Bishop's Homily for Fourth Sunday of Lent

This homily for the Fourth Sunday of Lent was given at St. Thomas More Cathedral, Arlington, on April 2. Last week, as I began the homily at this Mass, I mentioned the intriguing title of a book published some years ago: That Man Is You. The book’s purpose was to show how various people in the Bible are like mirrors in which we see ourselves reflected. Last Sunday, this Sunday and next Sunday, a different person is projected before us. As you recall, last Sunday, it was the Woman at the Well. Today, it is the Man Born Blind and next Sunday, it will be Lazarus Raised from the Dead. As we see each of these, we do find ourselves reflected. As we ponder these reflections, we can grow in our life of faith: yes, those of us already baptized and those among us who are journeying towards full Christian initiation or the completion of this initiation: our catechumens and our candidates. The catechumens, present among us during the Liturgy of the Word, are the focus of increased prayer on the Third, Fourth and Fifth Sundays of Lent, this prayer being called the scrutines. Once again today, we shall pray in a particular way for these sisters and brothers seeking to be baptized even as we also commend to the Lord the candidates seeing to complete the Easter Sacraments by receiving the Sacraments of Eucharist and/or Confirmation. As I mentioned, today the person in whom we see ourselves reflected is the Man Born Blind. In a commentary on today’s gospel passage, one sentence seemed to me so instructive. "The man born blind received more than his sight; he received a new way of looking at life." "A new way of looking at life:" isn’t that what we are seeking, those of us already baptized and fully initiated and those among us seeking either full initiation or the completion of this initiation? "A new way of looking at life:" isn’t that what we mean by "coping with life?" "A new way of looking at life:" isn’t that what "faith in Jesus" really implies? Yes, faith – religious faith – enables us to look at life differently. For people of faith, believing is seeing. Today’s scripture readings use the dominant themes of darkness and light, of blindness and sight. It is precisely our faith in Jesus the Light that frees us from the darkness of sin and moral evil. It is precisely this light of faith that removes our blindness, enabling us to see differently, in a new way. As Saint Paul tells us in today’s second reading, "You were once darkness, but now you are light in the Lord. Live as children of light …." Today’s repeated references to "light" and "sight" indicate how the season of Lent came to be called the period of "purification and enlightenment." After all, Lent is intrinsically linked with Baptism, and at Baptism we are inserted into Christ Jesus, who is the Light of the World. At Baptism, we are given freely the gift of faith which becomes a light for our journey. Recall what was said: "Receive the light of Christ…. You have been enlightened by Christ…. Walk always as a child of light…. Keep the flame of faith alive in your hearts." Baptism thus enables us to be a people of faith, a people who walk by the light of faith. This Lent – and every Lent – either we are undergoing final preparations for Baptism and the other Easter Sacraments or we are seeking to renew and deepen our Baptismal commitment. Either way, we claim that we do see and are being challenged in today’s liturgy to open our eyes to the wider dimensions of what we celebrate and to see life in a new way precisely through the light of faith. For example, by the light of faith, we understand our dignity as human beings and disciples of Christ. As human beings, our dignity and worth are rooted in the fact that each of us is created in God’s image and likeness from the first moment of life at conception to its end at natural death. This is why violence to any human person is such an abomination, be it abortion, rape, incest, assisted suicide or murder, to name but several. As disciples of Christ Jesus, each of us at Baptism was chosen and called, like David in the First Reading, and consecrated too by being anointed with the Holy Spirit. This is why we treat with respect our bodies, because they are temples of God, and why we share in the Church’s mission, because we have been chosen, called and consecrated for service in the name of Christ and the Church. Again, by the light of faith, we understand how worship and witness, liturgy and life, must be integrated. As we grow more closely in union with Christ the Light through prayer, both liturgical and private, we become missioned to be the Light of Christ in the real world, in concrete circumstances, reaching out in charity and service to the most needy, sacrificing our comfort and ease to bring the redeeming love of Christ to others, beginning with our family members. Today’s CRS collection gives us a concrete way to show our charity for those in need at home and around the world. And for those of you among us preparing for full Christian initiation and for reception into the Catholic Church, you are being led, by the light of faith, to closer union with Christ the Redeemer, who is the living water, the light of the world and the resurrection and the life. Seek Him in faith; receive Him by faith. Yes, there is much meaning in the sentence I quoted earlier in this homily: "the man born blind received more that his sight: he received a new way of looking at life." We have been given this new way if looking at life; we have been gifted with faith. This Lent, shall we grow in our appreciation of this gift? Shall we increase our practice of the faith, thereby learning better how to cope with life, how to look at life differently? I pray that we can do this. After all, for the disciples of Jesus, for us members of Christ’s Church and for those among us soon to become members with us, there is only one way to look at life with meaning and purpose, with hope and fidelity. It is the way of faith. Yes, with the man born blind, we exclaim: "I do believe, Lord!" Yes, for us, believing is seeing!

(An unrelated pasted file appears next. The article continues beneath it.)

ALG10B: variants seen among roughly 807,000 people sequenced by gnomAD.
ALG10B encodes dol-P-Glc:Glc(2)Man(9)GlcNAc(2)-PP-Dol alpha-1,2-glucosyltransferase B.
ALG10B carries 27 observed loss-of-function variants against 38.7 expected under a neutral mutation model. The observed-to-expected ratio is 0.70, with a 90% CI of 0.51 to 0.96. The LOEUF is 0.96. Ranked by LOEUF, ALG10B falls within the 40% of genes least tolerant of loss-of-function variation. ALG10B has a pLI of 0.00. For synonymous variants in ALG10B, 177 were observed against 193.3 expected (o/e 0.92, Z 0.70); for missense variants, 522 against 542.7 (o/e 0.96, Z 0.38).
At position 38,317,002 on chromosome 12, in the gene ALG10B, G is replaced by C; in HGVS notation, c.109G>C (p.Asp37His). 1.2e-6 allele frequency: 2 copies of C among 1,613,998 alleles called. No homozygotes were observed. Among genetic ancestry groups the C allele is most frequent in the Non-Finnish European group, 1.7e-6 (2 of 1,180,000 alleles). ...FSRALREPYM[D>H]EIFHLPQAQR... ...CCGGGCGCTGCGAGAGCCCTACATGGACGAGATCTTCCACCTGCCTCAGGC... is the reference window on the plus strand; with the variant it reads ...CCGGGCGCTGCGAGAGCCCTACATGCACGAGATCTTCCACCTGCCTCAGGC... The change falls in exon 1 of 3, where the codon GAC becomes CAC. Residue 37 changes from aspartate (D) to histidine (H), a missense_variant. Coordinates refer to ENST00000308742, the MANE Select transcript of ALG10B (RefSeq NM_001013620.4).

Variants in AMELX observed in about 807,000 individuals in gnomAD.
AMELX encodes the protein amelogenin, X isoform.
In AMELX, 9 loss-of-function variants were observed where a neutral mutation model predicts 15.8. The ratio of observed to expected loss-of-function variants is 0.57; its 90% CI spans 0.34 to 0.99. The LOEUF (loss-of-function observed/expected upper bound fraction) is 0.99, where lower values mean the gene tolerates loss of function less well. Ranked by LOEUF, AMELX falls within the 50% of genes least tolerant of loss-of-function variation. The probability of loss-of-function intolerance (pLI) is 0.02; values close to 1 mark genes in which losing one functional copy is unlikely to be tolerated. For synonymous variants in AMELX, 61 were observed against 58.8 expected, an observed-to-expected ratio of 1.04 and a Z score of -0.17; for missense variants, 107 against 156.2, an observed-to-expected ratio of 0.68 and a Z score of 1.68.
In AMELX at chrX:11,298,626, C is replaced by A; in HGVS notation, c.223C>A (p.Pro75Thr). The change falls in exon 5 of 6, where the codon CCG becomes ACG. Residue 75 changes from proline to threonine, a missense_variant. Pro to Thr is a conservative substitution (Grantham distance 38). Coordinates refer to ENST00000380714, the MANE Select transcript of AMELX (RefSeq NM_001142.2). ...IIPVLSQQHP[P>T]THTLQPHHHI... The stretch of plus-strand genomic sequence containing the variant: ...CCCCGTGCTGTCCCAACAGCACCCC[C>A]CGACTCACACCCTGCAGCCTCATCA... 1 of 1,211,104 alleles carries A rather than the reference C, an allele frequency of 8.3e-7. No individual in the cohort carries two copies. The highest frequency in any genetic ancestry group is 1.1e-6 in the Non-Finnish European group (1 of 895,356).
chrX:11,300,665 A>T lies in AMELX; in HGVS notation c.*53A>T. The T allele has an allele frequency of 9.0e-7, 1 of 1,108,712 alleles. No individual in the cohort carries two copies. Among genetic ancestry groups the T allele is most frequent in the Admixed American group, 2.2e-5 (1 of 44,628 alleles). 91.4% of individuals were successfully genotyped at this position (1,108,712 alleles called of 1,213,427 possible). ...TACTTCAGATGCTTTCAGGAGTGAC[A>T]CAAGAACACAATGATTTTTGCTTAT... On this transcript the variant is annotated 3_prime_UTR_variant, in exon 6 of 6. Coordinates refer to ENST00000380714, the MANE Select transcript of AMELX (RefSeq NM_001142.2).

Copyright ?2000 Arlington Catholic Herald.  All rights reserved.

© Arlington Catholic Herald 2000